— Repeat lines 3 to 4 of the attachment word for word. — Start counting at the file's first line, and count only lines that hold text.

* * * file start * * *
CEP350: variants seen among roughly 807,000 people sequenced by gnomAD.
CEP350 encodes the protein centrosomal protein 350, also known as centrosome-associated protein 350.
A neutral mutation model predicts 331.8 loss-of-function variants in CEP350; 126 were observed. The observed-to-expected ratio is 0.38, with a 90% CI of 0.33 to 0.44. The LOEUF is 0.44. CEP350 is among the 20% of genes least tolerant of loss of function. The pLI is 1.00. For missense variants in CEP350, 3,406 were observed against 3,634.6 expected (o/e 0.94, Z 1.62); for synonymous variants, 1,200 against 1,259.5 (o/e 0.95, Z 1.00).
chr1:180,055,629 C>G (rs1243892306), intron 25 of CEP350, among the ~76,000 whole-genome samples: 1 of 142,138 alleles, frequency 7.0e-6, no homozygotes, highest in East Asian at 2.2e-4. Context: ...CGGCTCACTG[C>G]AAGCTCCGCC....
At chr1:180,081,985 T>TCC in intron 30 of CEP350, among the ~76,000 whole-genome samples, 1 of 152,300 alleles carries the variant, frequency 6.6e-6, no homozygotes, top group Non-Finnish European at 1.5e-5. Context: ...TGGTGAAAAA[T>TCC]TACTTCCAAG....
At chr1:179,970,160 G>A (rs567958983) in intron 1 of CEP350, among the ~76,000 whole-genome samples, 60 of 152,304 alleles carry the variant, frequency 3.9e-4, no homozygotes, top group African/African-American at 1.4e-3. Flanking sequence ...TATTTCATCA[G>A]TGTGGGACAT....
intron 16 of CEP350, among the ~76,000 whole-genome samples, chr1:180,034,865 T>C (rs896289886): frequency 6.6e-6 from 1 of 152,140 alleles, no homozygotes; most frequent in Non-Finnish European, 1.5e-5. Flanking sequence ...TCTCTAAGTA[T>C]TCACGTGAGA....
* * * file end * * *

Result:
A neutral mutation model predicts 331.8 loss-of-function variants in CEP350; 126 were observed. The observed-to-expected ratio is 0.38, with a 90% CI of 0.33 to 0.44. The LOEUF is 0.44. CEP350 is among the 20% of genes least tolerant of loss of function. The pLI is 1.00. For missense variants in CEP350, 3,406 were observed against 3,634.6 expected (o/e 0.94, Z 1.62); for synonymous variants, 1,200 against 1,259.5 (o/e 0.95, Z 1.00).
chr1:180,055,629 C>G (rs1243892306), intron 25 of CEP350, among the ~76,000 whole-genome samples: 1 of 142,138 alleles, frequency 7.0e-6, no homozygotes, highest in East Asian at 2.2e-4. Context: ...CGGCTCACTG[C>G]AAGCTCCGCC....